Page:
Werner Herzog: Read visually-driven novels like ‘The Peregrine’ to better understand how to make films

The Peregrine Novel mandatory reading Werner Herzog

The beauty of filmmaking, film culture, and film history is that it is an interdisciplinary study.

And, it requires you to read. A lot. And not books about filmmaking — rather creative fiction, pages filled with visual story-telling.

I’m learning this in earnest thanks to the online filmmaking class I’m taking by famed director Werner Herzog. I started the class last week (sharing some initial thoughts here on Stark Insider) and though I’m less than a week into the course (seven weeks) I’m finding the process thoroughly fascinating.

Herzog’s lectures are short and, thankfully, to the point, in the most passionate of ways.

I’m moving slowly through the material. Not because there’s a lot of it. There isn’t. Each chapter is accompanied by a one page PDF with a summary and assignment. It’s the latter — the homework — that has me taking my time, digging into film history and film theory.

The opening lecture was all about exploring the world of cinema. Herzog implores us to dig into foreign films. Understand countries with strong culture. And try to assess why there’s a commonality of filmmaking across the world — the “Universal Rules of Filmmaking.”

That assignment took me through three fascinating, important movements and countries:

  • Iran
  • German expressionism
  • Cinema Novo in Brazil
  • Neorealism in Italy

Of course, aside from the research and studying, the hardest part is actually watching the films from the respective periods. A time consuming process! So that I can keep the rest of my life in order (or try) I whittle down the vast selection to the most critical titles. Later, I’ll catch up and watch more titles as time allows.

For now, I enjoyed watching and carefully studying some fascinating 20th century films, from the above countries respectively:

  • Touch of Cherry (1997)
  • Nosferatu (1922), repeat viewing
  • Black God, White Devil (1954)
  • The Bicycle Thief (1948), also a repeat viewing

I try to pay close attention to several facets of any movie: how characters are introduced, pacing, camera angles and movement, dialog, and, one of my favorites, the use of music.

Looks and styles are of great interest to me, and, I’m guessing, film study.

So I create Look Books for each chapter, to document my journey of learning, at least visually. I’m using OneNote to take class notes. Here’s an example:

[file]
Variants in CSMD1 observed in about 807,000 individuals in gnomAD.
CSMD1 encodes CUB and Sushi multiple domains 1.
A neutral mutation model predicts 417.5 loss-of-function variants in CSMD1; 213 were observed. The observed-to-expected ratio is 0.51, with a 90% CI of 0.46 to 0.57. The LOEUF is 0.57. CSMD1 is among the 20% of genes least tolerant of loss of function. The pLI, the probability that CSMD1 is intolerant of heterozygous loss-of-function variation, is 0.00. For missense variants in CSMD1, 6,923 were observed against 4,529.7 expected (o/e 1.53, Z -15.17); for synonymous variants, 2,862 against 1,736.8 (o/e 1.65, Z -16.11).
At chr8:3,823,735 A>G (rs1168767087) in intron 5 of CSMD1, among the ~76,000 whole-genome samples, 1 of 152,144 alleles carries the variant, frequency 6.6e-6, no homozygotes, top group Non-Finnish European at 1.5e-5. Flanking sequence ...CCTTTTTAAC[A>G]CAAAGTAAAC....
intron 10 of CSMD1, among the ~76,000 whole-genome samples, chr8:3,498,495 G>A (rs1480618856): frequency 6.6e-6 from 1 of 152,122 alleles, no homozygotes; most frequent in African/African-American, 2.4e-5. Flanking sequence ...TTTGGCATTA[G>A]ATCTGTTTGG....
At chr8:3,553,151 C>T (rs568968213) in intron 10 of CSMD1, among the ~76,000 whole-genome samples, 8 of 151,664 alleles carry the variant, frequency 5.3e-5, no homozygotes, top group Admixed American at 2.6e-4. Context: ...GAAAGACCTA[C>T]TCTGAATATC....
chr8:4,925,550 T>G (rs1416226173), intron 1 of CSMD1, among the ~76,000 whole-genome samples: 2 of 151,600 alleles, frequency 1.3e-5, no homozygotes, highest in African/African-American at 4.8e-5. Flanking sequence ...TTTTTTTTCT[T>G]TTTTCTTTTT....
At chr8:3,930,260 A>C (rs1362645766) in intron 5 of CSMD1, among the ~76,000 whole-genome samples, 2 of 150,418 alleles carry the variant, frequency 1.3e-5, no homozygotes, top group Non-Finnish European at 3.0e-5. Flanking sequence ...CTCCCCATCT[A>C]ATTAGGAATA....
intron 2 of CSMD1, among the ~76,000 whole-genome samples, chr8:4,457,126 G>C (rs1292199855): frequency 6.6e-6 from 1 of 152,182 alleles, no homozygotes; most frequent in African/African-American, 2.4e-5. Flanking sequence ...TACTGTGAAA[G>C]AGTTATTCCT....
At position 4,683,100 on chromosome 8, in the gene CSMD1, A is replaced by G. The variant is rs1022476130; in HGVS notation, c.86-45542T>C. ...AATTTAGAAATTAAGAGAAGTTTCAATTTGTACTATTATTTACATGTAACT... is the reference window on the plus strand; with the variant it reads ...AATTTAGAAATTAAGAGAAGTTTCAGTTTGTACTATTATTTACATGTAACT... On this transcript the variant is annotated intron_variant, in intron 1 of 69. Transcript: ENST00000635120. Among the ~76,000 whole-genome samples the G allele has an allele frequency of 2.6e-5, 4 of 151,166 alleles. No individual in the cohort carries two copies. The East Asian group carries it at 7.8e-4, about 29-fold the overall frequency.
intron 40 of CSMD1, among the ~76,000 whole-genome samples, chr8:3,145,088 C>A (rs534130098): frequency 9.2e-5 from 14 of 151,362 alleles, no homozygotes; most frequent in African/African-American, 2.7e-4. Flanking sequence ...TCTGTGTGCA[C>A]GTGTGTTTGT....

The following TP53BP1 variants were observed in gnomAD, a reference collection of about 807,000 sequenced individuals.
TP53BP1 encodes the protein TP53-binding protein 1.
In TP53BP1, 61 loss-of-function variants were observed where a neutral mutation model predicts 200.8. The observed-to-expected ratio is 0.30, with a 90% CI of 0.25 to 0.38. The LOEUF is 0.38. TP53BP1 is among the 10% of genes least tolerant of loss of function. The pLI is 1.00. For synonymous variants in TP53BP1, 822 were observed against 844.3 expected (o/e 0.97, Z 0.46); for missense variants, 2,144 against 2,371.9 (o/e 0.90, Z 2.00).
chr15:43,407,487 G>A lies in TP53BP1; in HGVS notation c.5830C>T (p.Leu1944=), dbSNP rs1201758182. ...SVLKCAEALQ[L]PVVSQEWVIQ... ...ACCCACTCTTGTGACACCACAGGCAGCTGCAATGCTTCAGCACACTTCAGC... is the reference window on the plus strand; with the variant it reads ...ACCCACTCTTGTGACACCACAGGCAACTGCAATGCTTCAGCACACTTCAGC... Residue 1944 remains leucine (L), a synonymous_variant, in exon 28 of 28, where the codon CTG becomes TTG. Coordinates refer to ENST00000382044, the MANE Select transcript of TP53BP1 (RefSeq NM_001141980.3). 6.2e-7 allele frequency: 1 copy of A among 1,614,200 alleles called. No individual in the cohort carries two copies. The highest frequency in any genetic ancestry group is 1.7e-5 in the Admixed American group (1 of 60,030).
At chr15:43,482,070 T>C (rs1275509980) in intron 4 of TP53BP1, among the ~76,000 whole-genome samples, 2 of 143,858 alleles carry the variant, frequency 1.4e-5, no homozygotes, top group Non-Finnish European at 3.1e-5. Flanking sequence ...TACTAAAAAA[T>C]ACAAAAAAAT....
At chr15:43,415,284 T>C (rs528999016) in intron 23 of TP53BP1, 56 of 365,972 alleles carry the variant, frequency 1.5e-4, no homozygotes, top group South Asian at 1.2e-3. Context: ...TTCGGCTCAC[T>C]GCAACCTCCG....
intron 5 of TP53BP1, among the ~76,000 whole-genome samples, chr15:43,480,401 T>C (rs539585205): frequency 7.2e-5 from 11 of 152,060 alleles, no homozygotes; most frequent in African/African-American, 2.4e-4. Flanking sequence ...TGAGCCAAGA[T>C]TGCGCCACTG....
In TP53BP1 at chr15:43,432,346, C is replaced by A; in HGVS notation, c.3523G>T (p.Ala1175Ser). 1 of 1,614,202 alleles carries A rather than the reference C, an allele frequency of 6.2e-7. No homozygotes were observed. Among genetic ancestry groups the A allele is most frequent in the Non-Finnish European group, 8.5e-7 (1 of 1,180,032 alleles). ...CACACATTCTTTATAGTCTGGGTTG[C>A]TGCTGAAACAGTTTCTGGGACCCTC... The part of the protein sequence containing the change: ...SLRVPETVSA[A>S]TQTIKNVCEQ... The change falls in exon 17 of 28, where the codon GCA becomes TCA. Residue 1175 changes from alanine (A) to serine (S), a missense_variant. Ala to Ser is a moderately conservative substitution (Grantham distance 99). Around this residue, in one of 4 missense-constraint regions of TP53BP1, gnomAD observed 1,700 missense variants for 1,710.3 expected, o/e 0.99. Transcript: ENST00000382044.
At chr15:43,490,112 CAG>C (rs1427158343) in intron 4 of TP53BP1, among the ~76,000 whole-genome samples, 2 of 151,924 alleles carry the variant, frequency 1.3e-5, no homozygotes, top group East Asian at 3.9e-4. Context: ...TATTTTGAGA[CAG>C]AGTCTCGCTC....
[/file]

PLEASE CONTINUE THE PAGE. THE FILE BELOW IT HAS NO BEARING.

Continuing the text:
Look Book: Foreign Film 

Iran

A Taste of Cherry

Taste-of-Cherry-film-look-book

Badii-Taste-of-Cherry-film

Influenced:

Under the Skin - film review study

Germany – Expressionism/Silent Era

Nosferatu

Nosferatu German Expressionism Influence on Modern Films

The Cabinet of Dr. Caligari

Cabinet of Dr Caligari Film Influence

Influenced:

Blade Runner German Expressionism Influence

Edward Scissorhands Tim Burton German Expressionism

Psycho Influenced by German Expressionism

And so on…

Common Themes

Here’s some quick ideas I jotted down on common themes we can find across films (regardless of era), and countries with great cinema culture:

Common Themes Film Culture Cinema History

Read, Read, Read

About that reading thing.

Werner Herzog is a well-known student of literature. He believes that the art of story-telling can often be best learned from beautifully written works. Using words to conjure striking, memorable imagery can help of us that work with video, and film. So then, J.A. Baker’s “The Peregrine” (1967) it is — and paperback only, no e-reading for me.

A poetic story about a bird-watcher documenting his observations, the book has been called “magical and terrifying.” As part of our homework, we must manually copy 20 pages from the book itself so as to attempt to internalize the style. Terrifying indeed.

The Peregrine Novel - Werner Herzog filmmaking literature

I’ll share future observations, and also, soon, some actual “short films” and “clips” that I’ll need to create for the course.

I do know one thing about my videos here on Stark Insider: I need to let scenes breath more! Too many fast edits. As Herzog says, us Westerners have a tendency to Cut! Cut! Cut! For now, though, seems like I’m just going to read, read, read.

From my notes:

BECOME YOUR SUBJECT

  • It’s about becoming a bird, not so much watching a bird
  • From “I” to “We”
  • Morphing
  • Incorporate it as a way to see the world – become singular with your monkey, your chicken

And maybe, just maybe, I’ll begin to understand why that penguin in Strange Encounters at the End of the World (Iceland) heads neither to the feeding grounds nor to his family at home, but rather to the distant mountains. Then again, maybe the answer is to be found in the journey?

Final Word: Loner Starzog

Loni-Stark-Werner-Herzog-impression-alter-ego

Loner says:

This is a no Kindle zone!

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